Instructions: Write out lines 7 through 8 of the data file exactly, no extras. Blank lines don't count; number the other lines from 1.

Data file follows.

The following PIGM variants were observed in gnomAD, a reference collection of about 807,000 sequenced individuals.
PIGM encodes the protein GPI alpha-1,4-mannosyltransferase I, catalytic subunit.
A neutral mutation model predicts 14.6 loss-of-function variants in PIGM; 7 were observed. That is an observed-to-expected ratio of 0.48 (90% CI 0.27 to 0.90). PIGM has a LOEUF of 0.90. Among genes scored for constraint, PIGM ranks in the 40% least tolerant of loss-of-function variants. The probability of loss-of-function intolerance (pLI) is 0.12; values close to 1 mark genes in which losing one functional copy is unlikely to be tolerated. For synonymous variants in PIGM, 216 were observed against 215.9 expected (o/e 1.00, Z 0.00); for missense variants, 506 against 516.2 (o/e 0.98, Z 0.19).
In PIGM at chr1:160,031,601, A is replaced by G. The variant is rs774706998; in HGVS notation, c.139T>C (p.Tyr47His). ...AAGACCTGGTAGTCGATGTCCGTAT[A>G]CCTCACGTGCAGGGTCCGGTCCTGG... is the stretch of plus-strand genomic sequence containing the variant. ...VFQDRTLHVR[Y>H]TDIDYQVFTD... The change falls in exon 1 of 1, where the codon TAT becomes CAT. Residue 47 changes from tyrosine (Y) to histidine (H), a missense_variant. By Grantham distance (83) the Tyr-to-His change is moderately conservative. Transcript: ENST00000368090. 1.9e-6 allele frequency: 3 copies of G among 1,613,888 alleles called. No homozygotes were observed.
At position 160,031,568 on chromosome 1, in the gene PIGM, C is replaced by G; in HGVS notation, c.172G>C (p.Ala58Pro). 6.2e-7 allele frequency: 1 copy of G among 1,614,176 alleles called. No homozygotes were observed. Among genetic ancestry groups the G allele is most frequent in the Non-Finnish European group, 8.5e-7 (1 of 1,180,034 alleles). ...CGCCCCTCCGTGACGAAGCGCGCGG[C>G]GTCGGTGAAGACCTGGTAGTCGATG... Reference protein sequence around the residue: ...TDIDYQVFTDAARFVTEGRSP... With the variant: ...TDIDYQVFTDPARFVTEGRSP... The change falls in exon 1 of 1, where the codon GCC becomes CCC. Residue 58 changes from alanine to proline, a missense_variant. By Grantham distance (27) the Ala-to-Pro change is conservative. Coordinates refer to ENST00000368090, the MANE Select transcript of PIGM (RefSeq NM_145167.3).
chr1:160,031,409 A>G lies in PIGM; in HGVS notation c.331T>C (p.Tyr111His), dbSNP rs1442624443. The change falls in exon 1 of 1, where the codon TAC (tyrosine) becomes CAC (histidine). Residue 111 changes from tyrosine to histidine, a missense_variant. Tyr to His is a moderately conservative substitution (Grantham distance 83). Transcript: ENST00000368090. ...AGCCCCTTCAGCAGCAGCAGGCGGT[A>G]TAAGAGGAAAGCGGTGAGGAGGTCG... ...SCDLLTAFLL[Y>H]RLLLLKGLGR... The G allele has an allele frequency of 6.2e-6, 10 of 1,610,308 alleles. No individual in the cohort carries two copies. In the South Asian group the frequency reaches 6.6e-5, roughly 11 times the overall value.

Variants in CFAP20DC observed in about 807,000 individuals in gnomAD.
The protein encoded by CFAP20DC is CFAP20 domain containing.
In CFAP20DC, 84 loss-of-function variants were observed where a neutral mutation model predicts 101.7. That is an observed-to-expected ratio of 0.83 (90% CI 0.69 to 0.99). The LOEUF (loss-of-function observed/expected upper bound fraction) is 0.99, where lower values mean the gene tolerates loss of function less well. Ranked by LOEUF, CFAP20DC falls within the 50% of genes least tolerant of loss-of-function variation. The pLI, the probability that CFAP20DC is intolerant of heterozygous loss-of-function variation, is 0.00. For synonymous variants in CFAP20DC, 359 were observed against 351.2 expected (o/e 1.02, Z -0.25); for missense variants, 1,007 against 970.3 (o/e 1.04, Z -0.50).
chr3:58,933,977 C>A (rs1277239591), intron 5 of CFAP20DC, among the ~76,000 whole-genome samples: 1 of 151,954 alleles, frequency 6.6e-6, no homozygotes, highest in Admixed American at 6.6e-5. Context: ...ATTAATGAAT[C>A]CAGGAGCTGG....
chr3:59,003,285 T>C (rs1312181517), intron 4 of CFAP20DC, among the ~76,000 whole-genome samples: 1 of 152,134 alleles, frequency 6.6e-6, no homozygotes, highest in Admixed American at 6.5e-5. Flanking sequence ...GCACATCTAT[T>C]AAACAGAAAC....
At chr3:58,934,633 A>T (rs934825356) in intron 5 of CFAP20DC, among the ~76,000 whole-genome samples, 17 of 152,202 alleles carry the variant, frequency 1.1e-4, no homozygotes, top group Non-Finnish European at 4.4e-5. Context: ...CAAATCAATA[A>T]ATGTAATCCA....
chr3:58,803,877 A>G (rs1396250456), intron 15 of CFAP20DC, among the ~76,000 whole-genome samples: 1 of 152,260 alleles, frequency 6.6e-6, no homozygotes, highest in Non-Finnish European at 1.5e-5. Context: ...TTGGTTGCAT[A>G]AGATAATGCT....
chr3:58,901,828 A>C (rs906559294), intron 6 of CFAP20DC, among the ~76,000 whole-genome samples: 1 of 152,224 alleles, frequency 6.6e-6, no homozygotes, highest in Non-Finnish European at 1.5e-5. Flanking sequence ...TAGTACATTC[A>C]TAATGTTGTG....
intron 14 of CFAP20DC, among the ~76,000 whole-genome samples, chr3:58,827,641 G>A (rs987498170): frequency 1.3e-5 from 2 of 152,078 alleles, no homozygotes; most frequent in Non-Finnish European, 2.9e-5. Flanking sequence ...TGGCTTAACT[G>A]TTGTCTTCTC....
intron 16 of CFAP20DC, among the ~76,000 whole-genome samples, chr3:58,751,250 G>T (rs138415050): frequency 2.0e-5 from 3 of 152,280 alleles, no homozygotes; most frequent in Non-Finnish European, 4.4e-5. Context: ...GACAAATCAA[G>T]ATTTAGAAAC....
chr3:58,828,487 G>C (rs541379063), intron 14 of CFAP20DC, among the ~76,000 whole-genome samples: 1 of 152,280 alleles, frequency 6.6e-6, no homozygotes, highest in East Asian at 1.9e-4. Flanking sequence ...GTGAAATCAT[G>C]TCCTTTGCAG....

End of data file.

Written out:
Variants in CFAP20DC observed in about 807,000 individuals in gnomAD.
The protein encoded by CFAP20DC is CFAP20 domain containing.